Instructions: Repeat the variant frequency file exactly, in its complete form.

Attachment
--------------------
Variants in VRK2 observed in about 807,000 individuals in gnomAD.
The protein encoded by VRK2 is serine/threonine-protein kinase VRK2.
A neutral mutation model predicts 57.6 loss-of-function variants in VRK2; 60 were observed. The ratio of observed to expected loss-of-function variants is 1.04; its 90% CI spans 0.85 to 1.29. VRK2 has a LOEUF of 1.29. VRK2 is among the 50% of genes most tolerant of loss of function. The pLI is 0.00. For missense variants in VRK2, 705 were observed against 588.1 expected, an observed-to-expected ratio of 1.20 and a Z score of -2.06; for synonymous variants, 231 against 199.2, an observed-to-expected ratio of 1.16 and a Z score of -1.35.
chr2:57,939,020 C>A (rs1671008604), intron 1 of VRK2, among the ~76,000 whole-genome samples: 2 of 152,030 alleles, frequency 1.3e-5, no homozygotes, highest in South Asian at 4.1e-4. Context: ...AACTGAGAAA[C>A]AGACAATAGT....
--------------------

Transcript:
Variants in VRK2 observed in about 807,000 individuals in gnomAD.
The protein encoded by VRK2 is serine/threonine-protein kinase VRK2.
A neutral mutation model predicts 57.6 loss-of-function variants in VRK2; 60 were observed. The ratio of observed to expected loss-of-function variants is 1.04; its 90% CI spans 0.85 to 1.29. VRK2 has a LOEUF of 1.29. VRK2 is among the 50% of genes most tolerant of loss of function. The pLI is 0.00. For missense variants in VRK2, 705 were observed against 588.1 expected, an observed-to-expected ratio of 1.20 and a Z score of -2.06; for synonymous variants, 231 against 199.2, an observed-to-expected ratio of 1.16 and a Z score of -1.35.
chr2:57,939,020 C>A (rs1671008604), intron 1 of VRK2, among the ~76,000 whole-genome samples: 2 of 152,030 alleles, frequency 1.3e-5, no homozygotes, highest in South Asian at 4.1e-4. Context: ...AACTGAGAAA[C>A]AGACAATAGT....